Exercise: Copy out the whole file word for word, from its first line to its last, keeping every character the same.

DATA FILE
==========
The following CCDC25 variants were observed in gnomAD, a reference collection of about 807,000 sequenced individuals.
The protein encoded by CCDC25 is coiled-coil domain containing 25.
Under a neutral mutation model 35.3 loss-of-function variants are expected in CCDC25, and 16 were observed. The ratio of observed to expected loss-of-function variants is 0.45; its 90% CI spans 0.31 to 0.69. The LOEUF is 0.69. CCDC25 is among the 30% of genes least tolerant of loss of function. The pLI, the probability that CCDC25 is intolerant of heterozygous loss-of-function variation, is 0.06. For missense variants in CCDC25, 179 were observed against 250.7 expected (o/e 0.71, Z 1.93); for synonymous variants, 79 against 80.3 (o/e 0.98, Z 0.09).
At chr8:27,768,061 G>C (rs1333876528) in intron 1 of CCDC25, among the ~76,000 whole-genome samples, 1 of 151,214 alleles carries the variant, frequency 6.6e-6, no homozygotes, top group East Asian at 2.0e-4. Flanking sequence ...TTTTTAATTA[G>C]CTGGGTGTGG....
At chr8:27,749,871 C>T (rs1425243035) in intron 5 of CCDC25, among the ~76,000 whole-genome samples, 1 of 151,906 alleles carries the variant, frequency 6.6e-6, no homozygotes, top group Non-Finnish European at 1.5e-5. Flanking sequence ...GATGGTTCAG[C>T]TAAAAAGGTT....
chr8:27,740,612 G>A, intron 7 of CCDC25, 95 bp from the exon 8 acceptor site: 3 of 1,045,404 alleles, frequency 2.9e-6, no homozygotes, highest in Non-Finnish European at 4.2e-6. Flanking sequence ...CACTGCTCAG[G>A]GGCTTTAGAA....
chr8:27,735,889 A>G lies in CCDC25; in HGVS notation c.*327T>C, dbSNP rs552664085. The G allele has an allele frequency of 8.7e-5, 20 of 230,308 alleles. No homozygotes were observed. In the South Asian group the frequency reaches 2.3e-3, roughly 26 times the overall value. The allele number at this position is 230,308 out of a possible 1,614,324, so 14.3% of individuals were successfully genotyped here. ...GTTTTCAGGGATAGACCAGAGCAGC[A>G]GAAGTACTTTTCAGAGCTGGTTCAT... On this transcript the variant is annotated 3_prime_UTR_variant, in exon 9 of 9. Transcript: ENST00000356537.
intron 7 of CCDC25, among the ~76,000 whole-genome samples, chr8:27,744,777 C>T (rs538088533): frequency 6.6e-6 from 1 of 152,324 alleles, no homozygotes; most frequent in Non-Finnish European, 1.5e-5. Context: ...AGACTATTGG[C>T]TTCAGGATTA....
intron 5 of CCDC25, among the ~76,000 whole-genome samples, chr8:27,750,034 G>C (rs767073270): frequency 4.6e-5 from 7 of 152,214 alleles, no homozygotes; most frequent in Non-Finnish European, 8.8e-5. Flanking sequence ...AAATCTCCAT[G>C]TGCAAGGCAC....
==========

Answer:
The following CCDC25 variants were observed in gnomAD, a reference collection of about 807,000 sequenced individuals.
The protein encoded by CCDC25 is coiled-coil domain containing 25.
Under a neutral mutation model 35.3 loss-of-function variants are expected in CCDC25, and 16 were observed. The ratio of observed to expected loss-of-function variants is 0.45; its 90% CI spans 0.31 to 0.69. The LOEUF is 0.69. CCDC25 is among the 30% of genes least tolerant of loss of function. The pLI, the probability that CCDC25 is intolerant of heterozygous loss-of-function variation, is 0.06. For missense variants in CCDC25, 179 were observed against 250.7 expected (o/e 0.71, Z 1.93); for synonymous variants, 79 against 80.3 (o/e 0.98, Z 0.09).
At chr8:27,768,061 G>C (rs1333876528) in intron 1 of CCDC25, among the ~76,000 whole-genome samples, 1 of 151,214 alleles carries the variant, frequency 6.6e-6, no homozygotes, top group East Asian at 2.0e-4. Flanking sequence ...TTTTTAATTA[G>C]CTGGGTGTGG....
At chr8:27,749,871 C>T (rs1425243035) in intron 5 of CCDC25, among the ~76,000 whole-genome samples, 1 of 151,906 alleles carries the variant, frequency 6.6e-6, no homozygotes, top group Non-Finnish European at 1.5e-5. Flanking sequence ...GATGGTTCAG[C>T]TAAAAAGGTT....
chr8:27,740,612 G>A, intron 7 of CCDC25, 95 bp from the exon 8 acceptor site: 3 of 1,045,404 alleles, frequency 2.9e-6, no homozygotes, highest in Non-Finnish European at 4.2e-6. Flanking sequence ...CACTGCTCAG[G>A]GGCTTTAGAA....
chr8:27,735,889 A>G lies in CCDC25; in HGVS notation c.*327T>C, dbSNP rs552664085. The G allele has an allele frequency of 8.7e-5, 20 of 230,308 alleles. No homozygotes were observed. In the South Asian group the frequency reaches 2.3e-3, roughly 26 times the overall value. The allele number at this position is 230,308 out of a possible 1,614,324, so 14.3% of individuals were successfully genotyped here. ...GTTTTCAGGGATAGACCAGAGCAGC[A>G]GAAGTACTTTTCAGAGCTGGTTCAT... On this transcript the variant is annotated 3_prime_UTR_variant, in exon 9 of 9. Transcript: ENST00000356537.
intron 7 of CCDC25, among the ~76,000 whole-genome samples, chr8:27,744,777 C>T (rs538088533): frequency 6.6e-6 from 1 of 152,324 alleles, no homozygotes; most frequent in Non-Finnish European, 1.5e-5. Context: ...AGACTATTGG[C>T]TTCAGGATTA....
intron 5 of CCDC25, among the ~76,000 whole-genome samples, chr8:27,750,034 G>C (rs767073270): frequency 4.6e-5 from 7 of 152,214 alleles, no homozygotes; most frequent in Non-Finnish European, 8.8e-5. Flanking sequence ...AAATCTCCAT[G>C]TGCAAGGCAC....